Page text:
Symptoms of Late-Onset Multiple Sclerosis

What is Multiple Sclerosis?

Multiple Sclerosis (MS) is a chronic autoimmune disease that affects the central nervous system. It occurs when the body’s immune system mistakenly attacks the protective covering of nerve fibers, known as myelin. This attack disrupts communication between the brain and the rest of the body.

The exact cause of MS remains unclear, but several factors may contribute to its development, including genetic predisposition and environmental triggers. Unlike Early-Onset MS, which commonly manifests between ages 20 and 40, Late-Onset MS refers specifically to those who develop symptoms after the age of 50, making it imperative to discern its specific symptoms.

Symptoms of Late-Onset Multiple Sclerosis

Cognitive Changes:

  • Memory lapses
  • Difficulty concentration

Mobility Issues:

  • Weakness or stiffness in limbs
  • Coordination problems
  • Balance issues leading to an increased risk of falls

Vision Impairment:

  • Blurred or double vision
  • Difficulty controlling eye movements

Pain and Tingling
Emotional mood changes

  • Depression or anxiety
  • Emotional instability
  • Mood swings

Benefits of Homecare in Managing Late-Onset Multiple Sclerosis in Seniors

Seniors with late-onset multiple sclerosis (MS) can benefit from home healthcare. The ease of receiving care at home by a skilled Certified Nursing Assistant, Home Health Aide or trained family caregiver is invaluable, particularly for people with mobility issues.

Competent caregivers will regularly monitor a senior’s symptoms and report any changes or concerns to medical specialists. They can assist in reporting patterns and provide precise information to aid in proper diagnosis and treatment.

Once diagnosed, home healthcare professionals can assist with specialized treatment regimens suited to each senior’s needs. Caregivers collaborate with healthcare professionals to assist with rehabilitative exercises and monitor for symptoms like exhaustion or cognitive issues.
In-home care lowers the risk of exposure to external germs and infections that may exacerbate MS symptoms, preventing unnecessary hospital visits and complications from uncontrolled environments.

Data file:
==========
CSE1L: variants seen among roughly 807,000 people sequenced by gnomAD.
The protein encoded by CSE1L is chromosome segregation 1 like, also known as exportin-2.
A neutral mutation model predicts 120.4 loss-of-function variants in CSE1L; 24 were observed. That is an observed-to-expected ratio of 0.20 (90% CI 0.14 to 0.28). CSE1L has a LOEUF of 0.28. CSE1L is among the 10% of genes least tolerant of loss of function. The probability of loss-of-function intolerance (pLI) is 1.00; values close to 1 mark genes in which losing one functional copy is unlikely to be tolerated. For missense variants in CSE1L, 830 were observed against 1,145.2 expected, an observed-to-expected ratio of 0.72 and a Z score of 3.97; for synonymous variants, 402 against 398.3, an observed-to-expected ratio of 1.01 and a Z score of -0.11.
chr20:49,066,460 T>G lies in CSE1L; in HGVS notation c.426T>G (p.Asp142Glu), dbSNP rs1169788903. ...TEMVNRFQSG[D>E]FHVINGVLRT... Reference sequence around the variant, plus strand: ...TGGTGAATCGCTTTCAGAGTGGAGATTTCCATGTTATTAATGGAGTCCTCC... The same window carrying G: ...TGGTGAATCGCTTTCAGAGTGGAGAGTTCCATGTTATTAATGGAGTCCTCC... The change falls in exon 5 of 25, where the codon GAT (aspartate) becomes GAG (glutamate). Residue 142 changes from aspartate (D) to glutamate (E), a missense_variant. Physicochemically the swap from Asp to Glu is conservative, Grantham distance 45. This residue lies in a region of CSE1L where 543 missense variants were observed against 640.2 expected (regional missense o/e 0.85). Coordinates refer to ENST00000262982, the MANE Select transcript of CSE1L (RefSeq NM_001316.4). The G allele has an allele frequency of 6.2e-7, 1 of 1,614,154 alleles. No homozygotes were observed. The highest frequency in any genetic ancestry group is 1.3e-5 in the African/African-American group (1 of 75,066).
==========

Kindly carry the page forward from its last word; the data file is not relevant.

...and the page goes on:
Caregiver’s Role in Managing Symptoms of Late-Onset MS

Since there is no cure for late-onset Multiple Sclerosis, managing symptoms is crucial to helping seniors live a fulfilled life. Caregivers play an important role. Here are some examples:

Well-Being Management:

  • Promote rest and sleep to address fatigue.
  • Support mobility through exercises to slow muscle weakness.
  • Validate feelings and reassure through active listening.

Cognitive and Emotional Support:

  • Engage seniors in cognitive activities and establish routines.
  • Create a supportive environment for emotional expression.

Pain Relief and Stress Management

  • Collaborate for pain relief using medication and therapy. Medication to be administered by nurse or family caregiver.
  • Develop personalized stress management plans.

Effective Communication and Advocacy:

  • Facilitate open communication among seniors, caregivers, and healthcare providers.
  • Advocate for proper medication management and treatment adherence.
  • Work closely with healthcare professionals for effective management.
  • Ensure adherence to treatment plans and necessary accommodations.

Caregivers play a crucial role in monitoring early symptoms and recommending timely medical attention for seniors. In working closely with healthcare professionals, caregivers can offer needed assistance throughout the diagnostic process and the senior’s treatment journey.

Allcare Home Health Agency, Inc. offers services in the Raleigh/Durham area. Contact us for your home care needs.

Naseri A, Nasiri E, Sahraian MA, Daneshvar S, Talebi M. Clinical Features of Late-Onset Multiple Sclerosis: a Systematic Review and Meta-analysis. Mult Scler Relat Disord. 2021 May;50:102816. doi: 10.1016/j.msard.2021.102816. Epub 2021 Feb 4. PMID: 33571792.
Hanley, S. (2022, August 21). Late-Onset Multiple Sclerosis. WebMD.